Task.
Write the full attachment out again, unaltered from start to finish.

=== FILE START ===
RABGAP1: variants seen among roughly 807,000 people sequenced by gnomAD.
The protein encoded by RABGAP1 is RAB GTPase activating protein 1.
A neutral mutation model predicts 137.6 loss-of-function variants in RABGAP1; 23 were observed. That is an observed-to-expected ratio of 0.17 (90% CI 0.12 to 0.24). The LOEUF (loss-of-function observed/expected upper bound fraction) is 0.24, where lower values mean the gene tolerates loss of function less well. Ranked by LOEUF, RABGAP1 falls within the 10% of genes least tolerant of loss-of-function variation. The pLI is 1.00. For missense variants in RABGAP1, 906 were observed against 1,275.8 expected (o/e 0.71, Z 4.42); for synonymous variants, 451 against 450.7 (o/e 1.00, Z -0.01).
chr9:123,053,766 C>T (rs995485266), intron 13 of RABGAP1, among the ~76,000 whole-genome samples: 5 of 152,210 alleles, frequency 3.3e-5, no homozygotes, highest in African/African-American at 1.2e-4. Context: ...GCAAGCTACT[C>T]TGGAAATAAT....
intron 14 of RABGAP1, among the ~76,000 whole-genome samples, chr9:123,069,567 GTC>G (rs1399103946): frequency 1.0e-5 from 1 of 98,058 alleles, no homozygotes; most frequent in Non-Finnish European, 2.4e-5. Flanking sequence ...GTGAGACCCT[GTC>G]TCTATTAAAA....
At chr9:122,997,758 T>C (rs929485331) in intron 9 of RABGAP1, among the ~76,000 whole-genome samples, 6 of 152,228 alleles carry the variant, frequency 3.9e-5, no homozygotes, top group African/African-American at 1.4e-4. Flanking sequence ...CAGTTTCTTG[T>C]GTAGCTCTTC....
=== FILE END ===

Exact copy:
RABGAP1: variants seen among roughly 807,000 people sequenced by gnomAD.
The protein encoded by RABGAP1 is RAB GTPase activating protein 1.
A neutral mutation model predicts 137.6 loss-of-function variants in RABGAP1; 23 were observed. That is an observed-to-expected ratio of 0.17 (90% CI 0.12 to 0.24). The LOEUF (loss-of-function observed/expected upper bound fraction) is 0.24, where lower values mean the gene tolerates loss of function less well. Ranked by LOEUF, RABGAP1 falls within the 10% of genes least tolerant of loss-of-function variation. The pLI is 1.00. For missense variants in RABGAP1, 906 were observed against 1,275.8 expected (o/e 0.71, Z 4.42); for synonymous variants, 451 against 450.7 (o/e 1.00, Z -0.01).
chr9:123,053,766 C>T (rs995485266), intron 13 of RABGAP1, among the ~76,000 whole-genome samples: 5 of 152,210 alleles, frequency 3.3e-5, no homozygotes, highest in African/African-American at 1.2e-4. Context: ...GCAAGCTACT[C>T]TGGAAATAAT....
intron 14 of RABGAP1, among the ~76,000 whole-genome samples, chr9:123,069,567 GTC>G (rs1399103946): frequency 1.0e-5 from 1 of 98,058 alleles, no homozygotes; most frequent in Non-Finnish European, 2.4e-5. Flanking sequence ...GTGAGACCCT[GTC>G]TCTATTAAAA....
At chr9:122,997,758 T>C (rs929485331) in intron 9 of RABGAP1, among the ~76,000 whole-genome samples, 6 of 152,228 alleles carry the variant, frequency 3.9e-5, no homozygotes, top group African/African-American at 1.4e-4. Flanking sequence ...CAGTTTCTTG[T>C]GTAGCTCTTC....